Why Does the FTC Ignore the Heart of the Credit Card Security Problem?

In essence FTC said TJX was an unfair bad guy because it could not keep up with the hackers. But by that standard, is not the entire credit card system "unfair?" Instead of picking on particular players like TJX, why doesn't FTC investigate the credit card systems as a whole (Visa, Mastercard, American Express et al.) and probe whether credit cards are inherently "unfair" to consumers because criminals can defeat the systems? Why doesn't FTC require each of the systems to devise better designs and controls so consumers are no longer subjected to the "unfairness" of the systems as presently designed? (See this post on alternative ways to authenticate credit card users and transactions.)

My point is that TJX was not "unfair." It was unlucky. Its defenses were similar to that of many (most) of its peers at the time. They too would have fallen had they been subjected to the same criminal blitzkrieg. And during the time in question, the PCI was vague, reltively new and subject to wide interpretation and debate. (It still is.) The same is true for the controls FTC just imposed on TJX.

FTC Is Confused

FTC is well-meaning here, but it is misdirected. By singling out TJX and chastising it with the "unfairness" "bad guy" rhetoric, FTC distracts the necessary public conversation. It implies that if we can just punish these lazy merchants enough (and force them to comply with PCI and similar controls), then credit cards will be safe. That's wrong.

The criminal warfare directed at the credit card system is more powerful than the theory behind PCI. The whole credit card system needs to change. As a society we need to focus on beating the criminals, and stop flogging victims like TJX as unfair privacy infringers.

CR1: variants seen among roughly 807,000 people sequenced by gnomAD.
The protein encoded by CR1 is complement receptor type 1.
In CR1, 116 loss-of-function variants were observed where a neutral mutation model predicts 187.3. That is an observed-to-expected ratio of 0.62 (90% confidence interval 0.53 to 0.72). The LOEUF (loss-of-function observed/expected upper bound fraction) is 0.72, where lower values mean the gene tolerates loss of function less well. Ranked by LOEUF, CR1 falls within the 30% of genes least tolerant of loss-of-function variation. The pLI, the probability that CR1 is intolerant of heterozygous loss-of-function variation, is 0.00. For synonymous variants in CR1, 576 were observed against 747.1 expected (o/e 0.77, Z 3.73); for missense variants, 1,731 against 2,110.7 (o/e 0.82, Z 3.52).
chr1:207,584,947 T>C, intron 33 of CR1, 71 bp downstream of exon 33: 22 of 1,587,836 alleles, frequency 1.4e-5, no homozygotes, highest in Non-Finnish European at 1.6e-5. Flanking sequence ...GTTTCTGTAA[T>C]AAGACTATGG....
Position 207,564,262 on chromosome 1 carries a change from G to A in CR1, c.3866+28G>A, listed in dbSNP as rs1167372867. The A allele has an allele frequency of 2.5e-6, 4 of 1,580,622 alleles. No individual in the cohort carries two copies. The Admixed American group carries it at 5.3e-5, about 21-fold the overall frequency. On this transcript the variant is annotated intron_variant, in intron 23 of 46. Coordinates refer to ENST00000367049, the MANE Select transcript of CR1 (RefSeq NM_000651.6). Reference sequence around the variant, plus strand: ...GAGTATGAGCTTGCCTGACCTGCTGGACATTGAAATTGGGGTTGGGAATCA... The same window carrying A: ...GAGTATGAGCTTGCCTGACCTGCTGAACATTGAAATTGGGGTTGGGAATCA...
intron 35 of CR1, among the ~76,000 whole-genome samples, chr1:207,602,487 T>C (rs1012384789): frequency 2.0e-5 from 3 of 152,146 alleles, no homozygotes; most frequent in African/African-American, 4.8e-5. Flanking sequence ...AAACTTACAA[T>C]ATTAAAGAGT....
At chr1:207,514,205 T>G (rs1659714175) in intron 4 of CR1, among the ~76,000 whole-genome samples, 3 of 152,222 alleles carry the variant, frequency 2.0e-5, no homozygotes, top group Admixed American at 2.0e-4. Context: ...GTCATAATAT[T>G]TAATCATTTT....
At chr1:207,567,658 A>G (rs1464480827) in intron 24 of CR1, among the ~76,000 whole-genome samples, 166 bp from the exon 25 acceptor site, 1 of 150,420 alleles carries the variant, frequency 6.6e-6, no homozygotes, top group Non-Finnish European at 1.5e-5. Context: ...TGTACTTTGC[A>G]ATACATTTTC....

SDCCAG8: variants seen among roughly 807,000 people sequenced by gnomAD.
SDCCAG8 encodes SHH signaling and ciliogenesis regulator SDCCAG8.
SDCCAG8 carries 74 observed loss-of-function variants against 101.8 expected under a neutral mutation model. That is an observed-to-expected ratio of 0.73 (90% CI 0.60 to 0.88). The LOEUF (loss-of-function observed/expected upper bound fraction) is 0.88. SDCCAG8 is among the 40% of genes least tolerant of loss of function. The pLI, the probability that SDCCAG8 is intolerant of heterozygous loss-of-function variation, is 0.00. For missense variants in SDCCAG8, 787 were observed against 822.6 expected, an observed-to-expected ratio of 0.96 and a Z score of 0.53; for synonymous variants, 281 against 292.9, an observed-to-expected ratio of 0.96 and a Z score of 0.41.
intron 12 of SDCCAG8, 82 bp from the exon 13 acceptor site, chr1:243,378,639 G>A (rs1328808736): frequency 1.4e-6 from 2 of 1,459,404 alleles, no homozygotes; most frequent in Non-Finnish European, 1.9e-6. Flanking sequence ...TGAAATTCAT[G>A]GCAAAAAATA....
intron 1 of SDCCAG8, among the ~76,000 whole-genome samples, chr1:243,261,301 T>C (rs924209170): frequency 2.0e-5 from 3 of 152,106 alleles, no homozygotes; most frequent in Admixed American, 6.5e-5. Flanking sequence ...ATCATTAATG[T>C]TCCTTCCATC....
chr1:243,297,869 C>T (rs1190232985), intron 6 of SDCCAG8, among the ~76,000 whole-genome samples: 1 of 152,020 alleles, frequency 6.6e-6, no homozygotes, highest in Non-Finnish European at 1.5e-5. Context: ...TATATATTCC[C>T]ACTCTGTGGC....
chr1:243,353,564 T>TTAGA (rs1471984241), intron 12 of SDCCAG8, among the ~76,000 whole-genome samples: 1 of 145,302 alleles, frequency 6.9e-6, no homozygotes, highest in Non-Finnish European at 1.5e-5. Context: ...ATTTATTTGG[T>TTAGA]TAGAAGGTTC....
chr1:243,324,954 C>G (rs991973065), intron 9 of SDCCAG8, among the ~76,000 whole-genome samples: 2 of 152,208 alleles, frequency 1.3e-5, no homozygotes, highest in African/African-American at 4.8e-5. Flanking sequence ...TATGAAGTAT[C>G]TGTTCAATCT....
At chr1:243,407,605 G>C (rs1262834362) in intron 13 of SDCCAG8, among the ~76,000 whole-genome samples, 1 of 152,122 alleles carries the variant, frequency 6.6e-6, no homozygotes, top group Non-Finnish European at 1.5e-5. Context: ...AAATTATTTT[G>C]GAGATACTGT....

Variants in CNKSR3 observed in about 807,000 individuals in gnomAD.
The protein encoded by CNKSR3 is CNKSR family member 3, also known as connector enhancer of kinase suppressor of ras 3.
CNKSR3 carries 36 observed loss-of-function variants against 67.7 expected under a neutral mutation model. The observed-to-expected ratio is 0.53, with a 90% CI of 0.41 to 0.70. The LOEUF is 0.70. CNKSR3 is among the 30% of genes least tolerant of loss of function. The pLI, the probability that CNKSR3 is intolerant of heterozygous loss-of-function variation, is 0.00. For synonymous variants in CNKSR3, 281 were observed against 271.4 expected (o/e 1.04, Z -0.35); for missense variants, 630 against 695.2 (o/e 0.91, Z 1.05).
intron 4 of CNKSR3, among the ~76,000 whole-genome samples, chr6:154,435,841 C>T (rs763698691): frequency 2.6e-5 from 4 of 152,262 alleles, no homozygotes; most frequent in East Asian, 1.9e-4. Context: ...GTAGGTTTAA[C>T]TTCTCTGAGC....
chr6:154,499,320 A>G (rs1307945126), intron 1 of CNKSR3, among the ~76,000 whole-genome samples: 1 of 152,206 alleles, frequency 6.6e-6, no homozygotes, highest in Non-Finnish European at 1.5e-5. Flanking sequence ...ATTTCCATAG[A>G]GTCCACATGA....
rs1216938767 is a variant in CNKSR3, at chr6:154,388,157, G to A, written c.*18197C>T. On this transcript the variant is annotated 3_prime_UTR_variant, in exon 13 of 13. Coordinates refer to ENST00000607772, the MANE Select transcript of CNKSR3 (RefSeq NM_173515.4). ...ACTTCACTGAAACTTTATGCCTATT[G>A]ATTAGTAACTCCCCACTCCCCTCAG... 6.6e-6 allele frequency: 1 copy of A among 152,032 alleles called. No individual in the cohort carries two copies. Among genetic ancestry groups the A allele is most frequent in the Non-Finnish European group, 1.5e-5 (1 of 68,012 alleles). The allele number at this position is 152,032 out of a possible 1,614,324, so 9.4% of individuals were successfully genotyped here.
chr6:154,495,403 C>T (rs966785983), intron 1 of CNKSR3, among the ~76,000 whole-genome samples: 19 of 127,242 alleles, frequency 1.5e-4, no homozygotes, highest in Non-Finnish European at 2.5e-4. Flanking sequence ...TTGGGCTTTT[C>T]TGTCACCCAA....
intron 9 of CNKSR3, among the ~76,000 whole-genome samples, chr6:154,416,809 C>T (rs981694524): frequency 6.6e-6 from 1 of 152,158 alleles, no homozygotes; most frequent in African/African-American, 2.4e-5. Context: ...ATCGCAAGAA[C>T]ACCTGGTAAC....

--Benjamin Wright

(I have posted more remarks on TJX and FTC.)

Update: I explain how August 2008 indictments of TJX hackers put FTC's treatment of TJX into perspective.

Update: Many of TJX's peers did, apparently, fall victim to the same blitzkrieg as TJX. Prosecutors say the gang that broke into TJX also broke into 8 other large retailers, though some of those retailers cannot confirm their defenses were breached. Pereira et al., "Some Stores Quiet Over Card Breach," WSJ, Aug 11, 08, B1.

Further Update: September 2008 prosecutors say the TJX hackers broke into "numerous other businesses" in addition to the 8 previously disclosed. Ross Kerber, "Hacker pleads guilty in breach," Boston Globe, Sept. 12, 2008. Therefore, TJX was not unusual; TJX was no weaker at the time in question than was standard and common in the retail industry. Query whether FTC will open investigations of all these other retailers and claim they were "unfair" also.

Update March 2009: Heartland Payment Systems maintains that an auditor confirmed it was PCI compliant a mere month before hackers broke into the company and stole credit card data. Visa investigated after-the-fact, and Visa has tried to say that Heatland was not PCI compliant. But PCI expert David Taylor observes that if the goal of an investigation is to determine that an organization is not in compliance, then the goal is easy to achieve. Perfect data security never exists in practice.